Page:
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One thing that always seems to hit the spot is a couple of eggs, scrambled. Not hard, dry and rubbery, but medium rare, so to speak, soft and creamy. My wife, though, thinks nothing of putting her scramble in a pan and letting it cook while she does laundry, vacuums, or whatever. Well maybe she isn't that bad, but I do usually comment about her eggs being burnt to a crisp. When I do my omelets I like to cook them just until the outside barely begins to brown, then remove them 20 seconds earlier. :)

Recently I saw a recipe for eggs that I've tried and really liked. Basically you bring about half a cup or so of salsa verde to a slow simmer in a small pan. Then you poach a couple of eggs in it, sprinkle grated cheese over the top and cover until the cheese starts to melt. I like it. It looks terrible, this strange, green gooey mess, but it sure tastes good.

When we visited Wales our friends there would usually eat cereal, oatmeal, yogurt and such stuff. But a few times we had fried breakfasts with mushrooms, tomatoes, bacon eggs and bread fried in the skillet to soak up the last of the bacon grease. Yum.

In Germany I was surprised at the number of beers we saw on top of the breakfast table, and the number of dogs we saw under.


mjb.
 
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cold pizza for breakfast hits all the food groups...fiber, protein, dairy,vegetable,omega 3(anchovies)...that, and it makes me happy!

joey
 
3,599
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cold pizza for breakfast hits all the food groups...fiber, protein, dairy,vegetable,omega 3(anchovies)...that, and it makes me happy!

joey

You might be surprised joey, that in italy it is very common to stop at a "pizza a taglio" place (that's the kind of large rectangular pan pizza that is sold by the piece here, wrapped in paper to eat on the road, or on a tray for a quick supper) or at a bread bakery and pick up a piece of usually white pizza (with just oil and salt on it) for the kids to eat on their way to school or as a midmorning snack.  Sometimes it's split and prosciutto or salame is put inside or most traditionally, mortadella.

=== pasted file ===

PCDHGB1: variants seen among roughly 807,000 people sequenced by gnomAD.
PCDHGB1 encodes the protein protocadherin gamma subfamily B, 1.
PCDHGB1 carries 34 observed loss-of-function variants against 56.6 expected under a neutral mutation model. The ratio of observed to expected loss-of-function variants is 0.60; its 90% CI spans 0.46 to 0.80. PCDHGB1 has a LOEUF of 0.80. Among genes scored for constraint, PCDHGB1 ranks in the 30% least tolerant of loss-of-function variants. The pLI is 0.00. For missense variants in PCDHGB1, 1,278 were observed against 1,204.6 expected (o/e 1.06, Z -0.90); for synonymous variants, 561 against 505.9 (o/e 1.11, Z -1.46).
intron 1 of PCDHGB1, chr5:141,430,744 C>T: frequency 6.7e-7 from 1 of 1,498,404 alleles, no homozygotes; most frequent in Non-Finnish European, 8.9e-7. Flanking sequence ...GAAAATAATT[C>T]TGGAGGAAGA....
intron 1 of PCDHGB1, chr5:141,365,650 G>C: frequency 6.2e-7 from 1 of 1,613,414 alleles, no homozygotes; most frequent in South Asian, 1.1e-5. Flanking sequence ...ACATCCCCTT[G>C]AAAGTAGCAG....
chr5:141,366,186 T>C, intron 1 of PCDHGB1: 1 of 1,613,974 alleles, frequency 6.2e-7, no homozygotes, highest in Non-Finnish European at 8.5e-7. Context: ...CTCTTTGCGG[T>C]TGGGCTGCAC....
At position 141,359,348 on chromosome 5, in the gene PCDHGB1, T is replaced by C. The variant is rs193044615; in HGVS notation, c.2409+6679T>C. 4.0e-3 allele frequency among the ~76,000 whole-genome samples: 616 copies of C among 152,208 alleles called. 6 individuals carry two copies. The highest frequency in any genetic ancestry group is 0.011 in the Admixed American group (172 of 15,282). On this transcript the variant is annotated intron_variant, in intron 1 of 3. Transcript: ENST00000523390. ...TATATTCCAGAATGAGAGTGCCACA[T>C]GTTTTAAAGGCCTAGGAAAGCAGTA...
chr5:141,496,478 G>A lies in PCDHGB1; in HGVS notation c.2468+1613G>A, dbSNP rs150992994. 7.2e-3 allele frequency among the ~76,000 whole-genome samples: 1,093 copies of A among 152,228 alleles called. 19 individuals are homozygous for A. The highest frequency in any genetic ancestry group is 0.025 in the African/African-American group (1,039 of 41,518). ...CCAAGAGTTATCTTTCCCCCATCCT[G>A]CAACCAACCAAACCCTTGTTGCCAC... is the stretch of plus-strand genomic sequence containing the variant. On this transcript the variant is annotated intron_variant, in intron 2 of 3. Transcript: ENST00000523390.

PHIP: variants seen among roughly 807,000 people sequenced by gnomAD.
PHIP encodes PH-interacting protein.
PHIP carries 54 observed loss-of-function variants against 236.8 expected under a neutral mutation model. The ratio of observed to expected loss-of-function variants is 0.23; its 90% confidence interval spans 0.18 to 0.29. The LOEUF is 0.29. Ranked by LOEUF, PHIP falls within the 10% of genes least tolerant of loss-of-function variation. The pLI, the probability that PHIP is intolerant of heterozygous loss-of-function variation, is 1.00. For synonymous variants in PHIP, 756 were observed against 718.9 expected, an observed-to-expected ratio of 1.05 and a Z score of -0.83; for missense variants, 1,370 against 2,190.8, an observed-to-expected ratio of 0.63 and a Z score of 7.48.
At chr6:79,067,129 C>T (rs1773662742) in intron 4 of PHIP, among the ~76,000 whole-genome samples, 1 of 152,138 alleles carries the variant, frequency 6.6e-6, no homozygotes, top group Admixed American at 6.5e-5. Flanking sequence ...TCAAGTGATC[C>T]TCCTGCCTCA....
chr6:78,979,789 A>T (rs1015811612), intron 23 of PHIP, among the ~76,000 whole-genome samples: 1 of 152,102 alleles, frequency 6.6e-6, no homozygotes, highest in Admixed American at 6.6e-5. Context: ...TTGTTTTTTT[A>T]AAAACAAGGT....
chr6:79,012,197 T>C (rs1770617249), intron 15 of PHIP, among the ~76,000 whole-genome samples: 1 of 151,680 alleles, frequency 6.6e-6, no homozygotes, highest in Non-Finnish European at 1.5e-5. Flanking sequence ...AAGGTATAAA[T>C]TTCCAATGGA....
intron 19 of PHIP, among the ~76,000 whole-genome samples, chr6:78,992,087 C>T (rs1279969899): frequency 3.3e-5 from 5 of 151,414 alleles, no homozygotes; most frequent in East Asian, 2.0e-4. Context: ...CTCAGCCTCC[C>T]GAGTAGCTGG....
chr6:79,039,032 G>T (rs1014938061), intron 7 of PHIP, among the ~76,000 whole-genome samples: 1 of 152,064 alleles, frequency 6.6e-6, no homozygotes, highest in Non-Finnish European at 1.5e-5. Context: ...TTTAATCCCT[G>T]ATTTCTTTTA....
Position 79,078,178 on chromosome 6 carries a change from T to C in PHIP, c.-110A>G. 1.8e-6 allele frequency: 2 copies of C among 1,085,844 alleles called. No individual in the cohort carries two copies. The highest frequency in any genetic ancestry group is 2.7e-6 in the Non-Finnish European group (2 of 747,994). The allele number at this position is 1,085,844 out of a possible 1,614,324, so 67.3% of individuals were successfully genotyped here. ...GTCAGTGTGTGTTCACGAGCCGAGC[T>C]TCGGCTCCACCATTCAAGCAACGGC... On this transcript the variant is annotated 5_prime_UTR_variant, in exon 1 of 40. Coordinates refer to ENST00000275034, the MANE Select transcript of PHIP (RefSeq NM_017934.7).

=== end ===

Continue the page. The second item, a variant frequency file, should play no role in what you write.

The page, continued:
Some kids will prefer tomato and mozzarella pizza or other types too (potato, eggplant, zucchine). 

Pretty healthy breakfast, actually. 
 
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A link of Boudin on french bread w/ Steens cane syrup and coffee.

Boudin, casing removed, pressed into a patty and fried like breakfast sausage or bacon. Fry in bacon grease is even better, make sure you use a screened lid for a guard. Serve with a cheese, sauted onion, pepper, garlic omelet and served with either a biscuit, toast from day old french bread, or an english muffin. Toppings might include some crawfish tails, a hollandaise, or other bechamel derivative.
 

kcz

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Eggs Benedict are tied for first place with large waffles with lots of maple syrup.
 
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Idli is a traditional breakfast item very common in South India. It is steam the dough prepared with rice and ulundu.There no clear indication of the origin of Idli, one of the most popular dish in South India. A variety of Idlis by adding other ingredients such as vegetables cooked, meal, etc.